The ability to take the tax credit for children in the US is based on the following necessities: they must live with the taxpayer for more than 6 months, be under the maximum age of 16, the financial support from the child is lower than half of the whole requirment, the child is a resident or a citizen of the United States and does not have an alimony or joint tax return from an ex-spouse, the child is younger than the payer, the dependent claiming criteria is fulfilled and the income of the taxpayer must be higher than one of the parents, if the child is not claimed by the parents.

Non-Custodial Parents and Tax Credits

Can a noncustodial parent claim children on their taxes? The answer to that is not unless the parent who has custody releases a claim for exemption. According to the IRS, a form needs to be filled out that releases the custodial parent from taking any tax credits or exemptions. Once that has been filed, then the noncustodial parent can claim any tax credits for the child or children in the family. They also must attach the form each year that they claim taxes for the children.

The custodial parent is usually the parent that has claimed custody of the child and who the child lives with the greatest number of nights during the year. The noncustodial parent is the other parent, but if they share the same amount of time with the child, the one with the highest adjusted gross income becomes the custodial parent. There are exceptions regarding a parent that works at night and these exceptions can be found under the IRS website for more information.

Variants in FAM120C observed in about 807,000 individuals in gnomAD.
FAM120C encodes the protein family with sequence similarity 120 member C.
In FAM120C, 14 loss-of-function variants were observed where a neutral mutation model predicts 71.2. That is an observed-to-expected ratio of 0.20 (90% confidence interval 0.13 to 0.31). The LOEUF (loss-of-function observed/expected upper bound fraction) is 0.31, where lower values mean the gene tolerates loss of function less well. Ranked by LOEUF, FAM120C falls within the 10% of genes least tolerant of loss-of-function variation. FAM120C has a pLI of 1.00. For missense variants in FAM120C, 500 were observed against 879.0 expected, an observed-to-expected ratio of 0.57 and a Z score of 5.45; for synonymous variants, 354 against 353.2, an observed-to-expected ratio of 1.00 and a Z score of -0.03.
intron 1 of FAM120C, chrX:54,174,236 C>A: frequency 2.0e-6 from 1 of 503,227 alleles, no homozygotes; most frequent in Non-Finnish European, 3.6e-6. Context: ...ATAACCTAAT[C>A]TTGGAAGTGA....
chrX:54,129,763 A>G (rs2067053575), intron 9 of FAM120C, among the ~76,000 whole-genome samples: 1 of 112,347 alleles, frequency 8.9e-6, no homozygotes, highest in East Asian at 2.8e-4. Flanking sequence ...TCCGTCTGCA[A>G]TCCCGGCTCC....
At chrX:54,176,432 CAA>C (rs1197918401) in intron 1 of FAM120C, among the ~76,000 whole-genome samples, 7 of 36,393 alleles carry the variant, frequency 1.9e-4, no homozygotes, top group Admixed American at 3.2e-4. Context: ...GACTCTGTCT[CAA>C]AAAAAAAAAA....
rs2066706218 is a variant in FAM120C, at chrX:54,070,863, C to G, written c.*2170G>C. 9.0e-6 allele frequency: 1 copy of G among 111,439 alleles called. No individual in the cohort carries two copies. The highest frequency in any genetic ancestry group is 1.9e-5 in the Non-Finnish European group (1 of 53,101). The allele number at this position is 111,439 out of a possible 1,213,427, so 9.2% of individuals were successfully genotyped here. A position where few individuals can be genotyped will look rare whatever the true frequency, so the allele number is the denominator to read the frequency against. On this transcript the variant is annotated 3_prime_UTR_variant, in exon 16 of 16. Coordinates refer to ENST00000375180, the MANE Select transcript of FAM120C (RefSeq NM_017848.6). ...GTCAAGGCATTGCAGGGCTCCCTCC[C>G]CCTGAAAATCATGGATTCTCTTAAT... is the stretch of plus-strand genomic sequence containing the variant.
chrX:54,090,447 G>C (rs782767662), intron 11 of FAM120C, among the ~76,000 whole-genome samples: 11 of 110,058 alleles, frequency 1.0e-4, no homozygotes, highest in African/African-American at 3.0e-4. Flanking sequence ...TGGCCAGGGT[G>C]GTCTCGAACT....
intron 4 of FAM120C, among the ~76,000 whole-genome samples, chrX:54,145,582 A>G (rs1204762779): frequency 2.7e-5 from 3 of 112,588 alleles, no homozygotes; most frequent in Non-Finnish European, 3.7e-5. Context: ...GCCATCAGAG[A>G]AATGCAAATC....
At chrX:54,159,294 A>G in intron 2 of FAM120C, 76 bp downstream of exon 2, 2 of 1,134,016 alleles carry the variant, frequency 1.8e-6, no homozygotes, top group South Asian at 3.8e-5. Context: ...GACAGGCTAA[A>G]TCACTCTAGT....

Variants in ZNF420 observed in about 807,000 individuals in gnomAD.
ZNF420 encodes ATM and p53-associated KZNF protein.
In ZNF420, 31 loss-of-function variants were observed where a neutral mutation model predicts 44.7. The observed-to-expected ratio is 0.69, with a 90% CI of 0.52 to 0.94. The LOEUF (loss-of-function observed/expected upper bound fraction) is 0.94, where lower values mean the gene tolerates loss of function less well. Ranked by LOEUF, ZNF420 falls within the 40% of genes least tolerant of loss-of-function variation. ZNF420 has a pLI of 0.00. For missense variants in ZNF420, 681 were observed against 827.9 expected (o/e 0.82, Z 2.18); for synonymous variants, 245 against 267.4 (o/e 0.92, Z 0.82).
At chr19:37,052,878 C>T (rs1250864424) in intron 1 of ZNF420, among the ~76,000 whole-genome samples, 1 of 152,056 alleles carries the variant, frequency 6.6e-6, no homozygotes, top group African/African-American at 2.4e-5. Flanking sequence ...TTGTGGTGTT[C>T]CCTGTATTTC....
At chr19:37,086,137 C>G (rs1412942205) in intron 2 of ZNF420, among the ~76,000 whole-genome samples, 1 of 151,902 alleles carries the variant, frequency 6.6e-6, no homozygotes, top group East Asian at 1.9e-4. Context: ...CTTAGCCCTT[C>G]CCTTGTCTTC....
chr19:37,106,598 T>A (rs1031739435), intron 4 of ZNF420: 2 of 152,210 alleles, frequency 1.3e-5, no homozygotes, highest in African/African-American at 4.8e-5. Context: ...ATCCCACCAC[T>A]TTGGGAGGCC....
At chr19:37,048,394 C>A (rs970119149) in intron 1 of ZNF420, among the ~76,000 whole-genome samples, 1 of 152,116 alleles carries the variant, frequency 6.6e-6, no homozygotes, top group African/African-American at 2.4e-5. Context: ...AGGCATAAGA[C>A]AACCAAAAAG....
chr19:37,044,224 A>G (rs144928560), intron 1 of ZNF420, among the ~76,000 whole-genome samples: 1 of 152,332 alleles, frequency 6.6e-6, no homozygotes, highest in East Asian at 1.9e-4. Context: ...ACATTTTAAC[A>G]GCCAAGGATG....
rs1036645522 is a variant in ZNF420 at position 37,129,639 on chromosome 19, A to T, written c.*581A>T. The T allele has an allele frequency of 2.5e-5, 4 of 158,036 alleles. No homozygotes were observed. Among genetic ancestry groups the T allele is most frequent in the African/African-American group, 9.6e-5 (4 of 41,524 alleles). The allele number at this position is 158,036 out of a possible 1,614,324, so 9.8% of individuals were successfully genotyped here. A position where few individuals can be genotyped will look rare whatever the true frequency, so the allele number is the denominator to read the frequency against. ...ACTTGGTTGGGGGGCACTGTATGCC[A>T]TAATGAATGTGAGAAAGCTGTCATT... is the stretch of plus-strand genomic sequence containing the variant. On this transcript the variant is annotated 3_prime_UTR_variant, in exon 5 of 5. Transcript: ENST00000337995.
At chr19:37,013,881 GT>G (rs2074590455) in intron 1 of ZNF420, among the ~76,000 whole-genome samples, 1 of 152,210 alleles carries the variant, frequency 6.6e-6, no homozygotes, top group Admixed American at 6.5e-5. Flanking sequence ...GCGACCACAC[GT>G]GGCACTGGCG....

In a pre-1985 divorce or separation decree, it states that the noncustodial parent can claim the child as a dependent, but they needed to provide at least $600 for the child’s care during the year. If the divorce or separation was post-1985 and pre-2009, there are other rules that apply to the custodial and noncustodial claims on the children. Today, noncustodial parents can claim up to $3000 dollars in tax credits. Different forms will be required by the IRS, so it is best to contact those who are familiar with this type of tax filing.

If custodial parents give up their right for tax credits, it can affect this right for any future credits they may want to undertake. The custodial parent should make sure this is the right decision before it is made and all the forms are filed.

Sources Release/Revocation of Release of Claim to Exemption for Child by Custodial Parent. January 2010. 11 August 2010 Tax tips for Noncustodial Parents

Dealing with Children after Your Divorce

Although any divorce is an extremely sad, emotional time for all persons involved, when there are children involved, a divorce can create enormous instability and confusion, and can have very destructive consequences. In a family situation that includes children, the children are often present during arguments and the messy side of divorce, they become stuck in the middle, sometimes the focus of the emotional. While some couples manage to remain civilized during divorce, many will include times of intense screaming, yelling, accusations, slamming doors, and so on, all while the children sit there and watch.